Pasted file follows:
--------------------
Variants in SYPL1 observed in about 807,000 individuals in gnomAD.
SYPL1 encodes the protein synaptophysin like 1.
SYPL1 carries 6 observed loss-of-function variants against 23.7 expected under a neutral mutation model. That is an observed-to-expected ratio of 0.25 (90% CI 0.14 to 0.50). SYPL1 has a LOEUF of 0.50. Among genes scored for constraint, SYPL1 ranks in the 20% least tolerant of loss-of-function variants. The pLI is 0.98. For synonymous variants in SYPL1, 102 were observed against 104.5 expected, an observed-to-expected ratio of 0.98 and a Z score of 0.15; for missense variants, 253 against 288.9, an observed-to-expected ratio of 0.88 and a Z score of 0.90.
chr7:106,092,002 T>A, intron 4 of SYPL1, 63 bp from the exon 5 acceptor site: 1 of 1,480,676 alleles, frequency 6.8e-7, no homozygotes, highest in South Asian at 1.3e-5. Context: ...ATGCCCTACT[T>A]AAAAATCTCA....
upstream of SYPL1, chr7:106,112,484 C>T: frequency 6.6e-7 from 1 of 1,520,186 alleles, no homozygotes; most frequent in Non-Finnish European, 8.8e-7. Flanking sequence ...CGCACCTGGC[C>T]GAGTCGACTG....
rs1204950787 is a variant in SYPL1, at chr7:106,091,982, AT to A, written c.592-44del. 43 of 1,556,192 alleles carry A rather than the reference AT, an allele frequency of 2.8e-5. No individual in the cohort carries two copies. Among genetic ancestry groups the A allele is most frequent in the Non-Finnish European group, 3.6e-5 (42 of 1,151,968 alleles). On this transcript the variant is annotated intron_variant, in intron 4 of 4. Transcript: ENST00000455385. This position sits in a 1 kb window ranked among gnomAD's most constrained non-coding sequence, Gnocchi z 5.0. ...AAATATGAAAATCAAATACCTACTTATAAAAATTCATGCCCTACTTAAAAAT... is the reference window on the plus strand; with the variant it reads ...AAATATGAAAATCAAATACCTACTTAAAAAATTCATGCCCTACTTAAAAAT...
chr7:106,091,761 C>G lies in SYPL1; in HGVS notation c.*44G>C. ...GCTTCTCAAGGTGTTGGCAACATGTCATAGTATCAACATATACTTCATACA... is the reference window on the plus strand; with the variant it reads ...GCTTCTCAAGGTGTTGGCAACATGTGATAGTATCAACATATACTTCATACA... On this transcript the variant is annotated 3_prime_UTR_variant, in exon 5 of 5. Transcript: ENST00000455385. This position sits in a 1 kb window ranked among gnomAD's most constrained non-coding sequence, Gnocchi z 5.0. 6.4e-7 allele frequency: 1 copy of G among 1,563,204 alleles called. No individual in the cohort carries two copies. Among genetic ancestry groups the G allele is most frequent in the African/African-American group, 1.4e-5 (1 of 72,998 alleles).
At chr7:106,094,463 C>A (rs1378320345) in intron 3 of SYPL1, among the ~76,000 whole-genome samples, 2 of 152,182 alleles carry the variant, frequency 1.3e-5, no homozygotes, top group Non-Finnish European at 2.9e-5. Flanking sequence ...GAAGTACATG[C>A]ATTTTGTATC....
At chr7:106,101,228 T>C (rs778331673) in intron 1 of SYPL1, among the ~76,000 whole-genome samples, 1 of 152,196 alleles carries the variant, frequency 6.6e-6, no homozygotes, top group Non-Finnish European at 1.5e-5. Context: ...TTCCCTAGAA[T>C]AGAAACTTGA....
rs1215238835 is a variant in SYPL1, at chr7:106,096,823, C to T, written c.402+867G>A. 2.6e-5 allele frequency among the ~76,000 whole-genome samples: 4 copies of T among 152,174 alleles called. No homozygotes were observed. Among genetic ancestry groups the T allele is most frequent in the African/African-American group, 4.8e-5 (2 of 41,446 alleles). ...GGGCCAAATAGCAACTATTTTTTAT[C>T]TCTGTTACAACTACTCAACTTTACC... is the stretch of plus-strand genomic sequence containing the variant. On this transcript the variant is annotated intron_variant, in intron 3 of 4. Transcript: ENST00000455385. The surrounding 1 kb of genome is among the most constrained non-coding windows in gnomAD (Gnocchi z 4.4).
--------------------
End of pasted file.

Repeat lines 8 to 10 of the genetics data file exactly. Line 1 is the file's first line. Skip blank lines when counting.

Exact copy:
At chr7:106,094,463 C>A (rs1378320345) in intron 3 of SYPL1, among the ~76,000 whole-genome samples, 2 of 152,182 alleles carry the variant, frequency 1.3e-5, no homozygotes, top group Non-Finnish European at 2.9e-5. Flanking sequence ...GAAGTACATG[C>A]ATTTTGTATC....
At chr7:106,101,228 T>C (rs778331673) in intron 1 of SYPL1, among the ~76,000 whole-genome samples, 1 of 152,196 alleles carries the variant, frequency 6.6e-6, no homozygotes, top group Non-Finnish European at 1.5e-5. Context: ...TTCCCTAGAA[T>C]AGAAACTTGA....
rs1215238835 is a variant in SYPL1, at chr7:106,096,823, C to T, written c.402+867G>A. 2.6e-5 allele frequency among the ~76,000 whole-genome samples: 4 copies of T among 152,174 alleles called. No homozygotes were observed. Among genetic ancestry groups the T allele is most frequent in the African/African-American group, 4.8e-5 (2 of 41,446 alleles). ...GGGCCAAATAGCAACTATTTTTTAT[C>T]TCTGTTACAACTACTCAACTTTACC... is the stretch of plus-strand genomic sequence containing the variant. On this transcript the variant is annotated intron_variant, in intron 3 of 4. Transcript: ENST00000455385. The surrounding 1 kb of genome is among the most constrained non-coding windows in gnomAD (Gnocchi z 4.4).